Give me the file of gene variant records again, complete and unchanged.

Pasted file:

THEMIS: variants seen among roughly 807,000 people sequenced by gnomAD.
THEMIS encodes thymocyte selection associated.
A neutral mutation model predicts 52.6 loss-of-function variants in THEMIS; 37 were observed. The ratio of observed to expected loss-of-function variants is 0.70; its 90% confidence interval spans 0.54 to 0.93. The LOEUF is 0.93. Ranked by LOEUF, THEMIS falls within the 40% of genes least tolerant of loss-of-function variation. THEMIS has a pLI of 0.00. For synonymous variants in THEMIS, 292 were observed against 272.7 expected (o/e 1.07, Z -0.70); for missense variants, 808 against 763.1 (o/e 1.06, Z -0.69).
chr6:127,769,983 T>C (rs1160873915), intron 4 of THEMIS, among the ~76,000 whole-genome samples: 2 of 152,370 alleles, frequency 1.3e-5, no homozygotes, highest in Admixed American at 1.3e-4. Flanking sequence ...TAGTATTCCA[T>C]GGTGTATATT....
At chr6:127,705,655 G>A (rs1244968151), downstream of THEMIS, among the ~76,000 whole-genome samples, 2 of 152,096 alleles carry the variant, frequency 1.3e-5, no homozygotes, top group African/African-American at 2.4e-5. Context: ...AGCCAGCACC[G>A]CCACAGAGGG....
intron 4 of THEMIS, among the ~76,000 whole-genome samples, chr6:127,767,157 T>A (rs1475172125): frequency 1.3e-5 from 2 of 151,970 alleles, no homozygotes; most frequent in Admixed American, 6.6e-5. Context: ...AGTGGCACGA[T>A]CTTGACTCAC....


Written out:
THEMIS: variants seen among roughly 807,000 people sequenced by gnomAD.
THEMIS encodes thymocyte selection associated.
A neutral mutation model predicts 52.6 loss-of-function variants in THEMIS; 37 were observed. The ratio of observed to expected loss-of-function variants is 0.70; its 90% confidence interval spans 0.54 to 0.93. The LOEUF is 0.93. Ranked by LOEUF, THEMIS falls within the 40% of genes least tolerant of loss-of-function variation. THEMIS has a pLI of 0.00. For synonymous variants in THEMIS, 292 were observed against 272.7 expected (o/e 1.07, Z -0.70); for missense variants, 808 against 763.1 (o/e 1.06, Z -0.69).
chr6:127,769,983 T>C (rs1160873915), intron 4 of THEMIS, among the ~76,000 whole-genome samples: 2 of 152,370 alleles, frequency 1.3e-5, no homozygotes, highest in Admixed American at 1.3e-4. Flanking sequence ...TAGTATTCCA[T>C]GGTGTATATT....
At chr6:127,705,655 G>A (rs1244968151), downstream of THEMIS, among the ~76,000 whole-genome samples, 2 of 152,096 alleles carry the variant, frequency 1.3e-5, no homozygotes, top group African/African-American at 2.4e-5. Context: ...AGCCAGCACC[G>A]CCACAGAGGG....
intron 4 of THEMIS, among the ~76,000 whole-genome samples, chr6:127,767,157 T>A (rs1475172125): frequency 1.3e-5 from 2 of 151,970 alleles, no homozygotes; most frequent in Admixed American, 6.6e-5. Context: ...AGTGGCACGA[T>A]CTTGACTCAC....